any information regarding, among other things, the purposes for
which Church investments are made, the relation between
miscellaneous income and the Church's operations, and the extent
to which the Church, if at all, solicited contributions for the
purpose of furthering its rental activities, summary judgment on
this issue is not appropriate at this stage.
II. Individual Coverage under the FLSA
Under individual or "traditional" coverage under the FLSA, an
individual is covered by the Act if he has either "engaged in
commerce" or "engaged in the production of goods for commerce."
29 U.S.C. § 207(a)(1) (1999). The parties agree that plaintiff
did not participate in the production of goods for commerce, and
that accordingly, FLSA individual coverage depends upon the
extent to which he was "engaged in commerce." To be engaged in
commerce, "a `substantial part' of the employee's work must be
related to interstate commerce." Divins v. Hazeltine Electronics
Corp., 163 F.2d 100, 103 (2d. Cir. 1947) (quoting Walling v.
Jacksonville Paper Co., 317 U.S. 564, 63 S.Ct. 332, 87 L.Ed. 460
(1943)). Thus, under an individual theory of coverage, "[t]he
test under this present act, . . . is not whether the employee's
activities affect or indirectly relate to interstate commerce but
whether they are actually in or so closely related to the
movement of the commerce as to be a part of it." McLeod v.
Threlkeld, 319 U.S. 491, 497, 63 S.Ct. 1248, 87 L.Ed. 1538
Plaintiff contends initially that he has engaged in commerce by
ordering cleaning supplies and equipment for the Church from
out-of-state vendors by telephone and facsimile. Such purchases
will be sufficient to invoke the protection of the FLSA unless
they involve only "sporadic and occasional shipments of
insubstantial amounts of goods." See Mabee v. White Plains Pub.
Co., 327 U.S. 178, 181, 66 S.Ct. 511, 90 L.Ed. 607 (1946);
Remmers v. Egor, 332 F.2d 103, 104 (2d Cir. 1964). The legal
standards are not clear as to when a shipment of goods is more
than sporadic or occasional. In this Circuit, an employee that
wrapped a single package for interstate mailing and on one
occasion personally delivered a manufactured good across state
lines was held not to be engaged in commerce under the FLSA.
Remmers, 332 F.2d at 104 (accord Parks v. Puckett,
154 F. Supp. 842, 848-49 (W.D.Ark. 1957)) (holding that plaintiff who
signed nineteen receipts for interstate goods within a two year
period and occasionally handled empty barrels, some of which were
subsequently shipped in interstate commerce, did not engage in
commerce). In the Fourth Circuit, however, an employee that
received between eleven and twenty-three shipments from across
state lines each month met the FLSA standard, despite spending
only one-half hour per week on such tasks. See Wirtz v. Durham
Sandwich Company, 367 F.2d 810, 812 (1966).
Here, plaintiff's purchases were made from five different
vendors, and included not only custodial supplies but also other
important items to the Church like a computer, electronic
equipment and a refrigerator. See Jt. Stmnt. ¶¶ 40, 44-46.
Additionally, as the parties have stipulated, documentary
evidence produced in this case indicates plaintiff made between
fourteen and thirty such purchases over the course of his
employment. Moreover, beyond documentary evidence, the Church's
Director of Management and Marketing has estimated that plaintiff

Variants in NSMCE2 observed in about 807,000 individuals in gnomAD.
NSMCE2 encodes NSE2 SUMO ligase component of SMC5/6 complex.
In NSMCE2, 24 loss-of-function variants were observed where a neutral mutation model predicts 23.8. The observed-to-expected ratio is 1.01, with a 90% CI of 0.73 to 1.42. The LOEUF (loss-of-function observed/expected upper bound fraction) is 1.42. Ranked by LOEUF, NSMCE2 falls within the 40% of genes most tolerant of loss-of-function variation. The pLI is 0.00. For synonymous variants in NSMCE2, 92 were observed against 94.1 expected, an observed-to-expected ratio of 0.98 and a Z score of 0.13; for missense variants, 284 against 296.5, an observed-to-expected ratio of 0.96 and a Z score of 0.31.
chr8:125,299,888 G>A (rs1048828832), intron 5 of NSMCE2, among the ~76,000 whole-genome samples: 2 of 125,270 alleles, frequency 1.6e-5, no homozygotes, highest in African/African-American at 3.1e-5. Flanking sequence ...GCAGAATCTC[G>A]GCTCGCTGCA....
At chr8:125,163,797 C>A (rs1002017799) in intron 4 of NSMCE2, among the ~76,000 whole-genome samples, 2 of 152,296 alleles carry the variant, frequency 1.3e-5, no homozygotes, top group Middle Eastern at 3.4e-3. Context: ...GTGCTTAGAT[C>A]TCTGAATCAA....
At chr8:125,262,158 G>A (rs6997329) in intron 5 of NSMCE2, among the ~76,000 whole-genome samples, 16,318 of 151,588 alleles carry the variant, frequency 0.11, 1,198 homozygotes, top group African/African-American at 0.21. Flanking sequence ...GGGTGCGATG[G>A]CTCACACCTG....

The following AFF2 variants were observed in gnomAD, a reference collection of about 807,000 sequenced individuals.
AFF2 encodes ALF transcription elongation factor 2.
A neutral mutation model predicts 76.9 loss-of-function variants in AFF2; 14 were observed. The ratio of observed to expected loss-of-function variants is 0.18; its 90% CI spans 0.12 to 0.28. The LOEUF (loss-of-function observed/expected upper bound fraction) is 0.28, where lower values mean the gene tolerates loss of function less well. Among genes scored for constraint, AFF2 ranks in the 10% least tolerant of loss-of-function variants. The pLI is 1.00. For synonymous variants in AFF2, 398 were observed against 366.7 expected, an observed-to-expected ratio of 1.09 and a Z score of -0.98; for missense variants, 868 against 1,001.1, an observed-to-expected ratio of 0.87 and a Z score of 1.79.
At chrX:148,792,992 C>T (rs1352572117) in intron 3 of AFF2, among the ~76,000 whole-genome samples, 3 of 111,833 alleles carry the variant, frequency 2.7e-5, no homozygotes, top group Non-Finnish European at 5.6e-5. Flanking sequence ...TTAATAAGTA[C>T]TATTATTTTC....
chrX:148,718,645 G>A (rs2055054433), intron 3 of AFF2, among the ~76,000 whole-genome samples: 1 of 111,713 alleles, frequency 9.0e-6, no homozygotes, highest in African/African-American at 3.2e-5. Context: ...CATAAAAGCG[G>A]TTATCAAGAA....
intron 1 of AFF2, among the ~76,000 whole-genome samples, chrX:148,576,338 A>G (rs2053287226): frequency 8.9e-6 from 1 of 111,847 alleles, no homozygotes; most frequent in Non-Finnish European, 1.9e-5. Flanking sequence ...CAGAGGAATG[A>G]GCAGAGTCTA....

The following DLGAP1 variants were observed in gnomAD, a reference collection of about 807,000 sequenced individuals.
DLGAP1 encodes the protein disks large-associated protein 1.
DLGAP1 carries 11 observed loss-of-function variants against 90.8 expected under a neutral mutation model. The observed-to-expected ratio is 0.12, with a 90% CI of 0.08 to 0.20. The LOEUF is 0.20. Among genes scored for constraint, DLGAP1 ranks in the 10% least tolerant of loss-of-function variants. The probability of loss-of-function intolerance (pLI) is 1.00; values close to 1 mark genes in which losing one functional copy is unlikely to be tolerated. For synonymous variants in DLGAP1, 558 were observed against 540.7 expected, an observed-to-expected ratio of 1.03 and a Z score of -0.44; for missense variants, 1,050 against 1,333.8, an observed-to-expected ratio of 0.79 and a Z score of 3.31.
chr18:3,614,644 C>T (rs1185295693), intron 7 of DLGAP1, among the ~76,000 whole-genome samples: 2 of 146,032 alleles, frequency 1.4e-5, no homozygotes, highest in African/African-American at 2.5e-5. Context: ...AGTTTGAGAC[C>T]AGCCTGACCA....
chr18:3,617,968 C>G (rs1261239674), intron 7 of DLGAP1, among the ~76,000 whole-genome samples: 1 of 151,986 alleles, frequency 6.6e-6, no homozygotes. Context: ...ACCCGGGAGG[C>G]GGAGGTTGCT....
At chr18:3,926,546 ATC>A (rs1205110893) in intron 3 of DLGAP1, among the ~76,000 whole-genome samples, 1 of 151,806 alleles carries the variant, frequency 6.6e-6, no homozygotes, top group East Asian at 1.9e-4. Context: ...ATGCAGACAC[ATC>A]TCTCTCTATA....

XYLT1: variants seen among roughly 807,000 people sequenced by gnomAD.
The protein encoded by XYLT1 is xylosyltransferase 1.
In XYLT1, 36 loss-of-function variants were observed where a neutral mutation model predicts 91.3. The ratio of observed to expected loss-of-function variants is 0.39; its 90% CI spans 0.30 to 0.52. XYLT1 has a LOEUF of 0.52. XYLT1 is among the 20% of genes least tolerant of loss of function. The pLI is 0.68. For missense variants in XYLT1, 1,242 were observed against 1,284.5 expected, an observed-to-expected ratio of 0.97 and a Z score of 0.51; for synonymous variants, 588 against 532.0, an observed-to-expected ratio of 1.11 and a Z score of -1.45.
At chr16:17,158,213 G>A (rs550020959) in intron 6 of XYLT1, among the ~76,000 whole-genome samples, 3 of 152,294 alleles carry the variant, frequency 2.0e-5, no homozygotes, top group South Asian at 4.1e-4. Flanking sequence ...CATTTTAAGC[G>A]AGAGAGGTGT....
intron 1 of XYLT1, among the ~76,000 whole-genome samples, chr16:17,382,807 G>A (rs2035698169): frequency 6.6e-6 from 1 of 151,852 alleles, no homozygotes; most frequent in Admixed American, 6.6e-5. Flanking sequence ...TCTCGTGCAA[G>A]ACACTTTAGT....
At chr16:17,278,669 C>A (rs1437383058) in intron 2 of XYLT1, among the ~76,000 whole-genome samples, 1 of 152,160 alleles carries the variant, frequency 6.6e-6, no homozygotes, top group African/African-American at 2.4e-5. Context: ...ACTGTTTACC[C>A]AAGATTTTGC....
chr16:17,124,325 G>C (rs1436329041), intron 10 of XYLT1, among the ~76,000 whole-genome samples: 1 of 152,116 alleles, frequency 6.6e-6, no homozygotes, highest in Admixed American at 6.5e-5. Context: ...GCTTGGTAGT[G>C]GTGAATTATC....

made "dozens" of purchases from only one of these vendors, and
that it was a "normal part" of plaintiff's duties to place orders
with such vendors. See id. at ¶ 48.
Such recurrent and frequent purchases of goods from
out-of-state vendors is more than sufficient to trigger the
protection of the FLSA. Clearly plaintiff's purchases in
interstate commerce exceed the one delivery made across state
lines by the plaintiff in Remmers. Such purchases obviously
also constitute more interstate
activity than that which took place in Parks, where the
plaintiff merely signed receipts for the goods received by
defendant company when her supervisor was unavailable. 154
F. Supp. at 845, 848. Indeed, plaintiff's interstate activity at
least parallels that which took place in Wirtz, and may even
exceed it because plaintiff himself both ordered and received
important goods from at least five vendors on a regular basis.
Accordingly, such actions bring plaintiff within the protection
of the FLSA, and plaintiff is entitled to summary judgment on
Under the FLSA, an employee is due back wages for two years
from the filing of his action, unless the employer willfully
violates the Act, in which case back wages are due for three
years. 29 U.S.C. § 255(a) (1999). A violation is "willful" for
the purposes of the Act's limitations provision "only if the
employer violates or shows a reckless disregard for the
provisions of the Act." Brock v. Superior Care, Inc.,
840 F.2d 1054, 1062 (2d Cir. 1988); See also McLaughlin v. Richland Shoe
Co., 486 U.S. 128, 139, 108 S.Ct. 1677, 100 L.Ed.2d 115 (1988).
Willfulness cannot be found on the basis of mere negligence or
"on a completely good faith but incorrect assumption that a pay
plan complied with the FLSA in all respects." McLaughlin, 486
U.S. at 135, 108 S.Ct. 1677.
Similarly, an employer found to have violated the pay
provisions of the Act shall be liable not only for "payment of
wages lost," but also "an additional amount as liquidated
damages," 29 U.S.C. § 216(b) (1999), unless:
the employer shows . . . that the act or omission
giving rise to such action was in good faith and that
he had reasonable grounds for believing that his act
or omission was not a violation of the [Act, in which
case] the court may, in its sound discretion, award
no liquidated damages or award any amount thereof not
to exceed the amount specified in section 216 of the
29 U.S.C. § 260 (1999).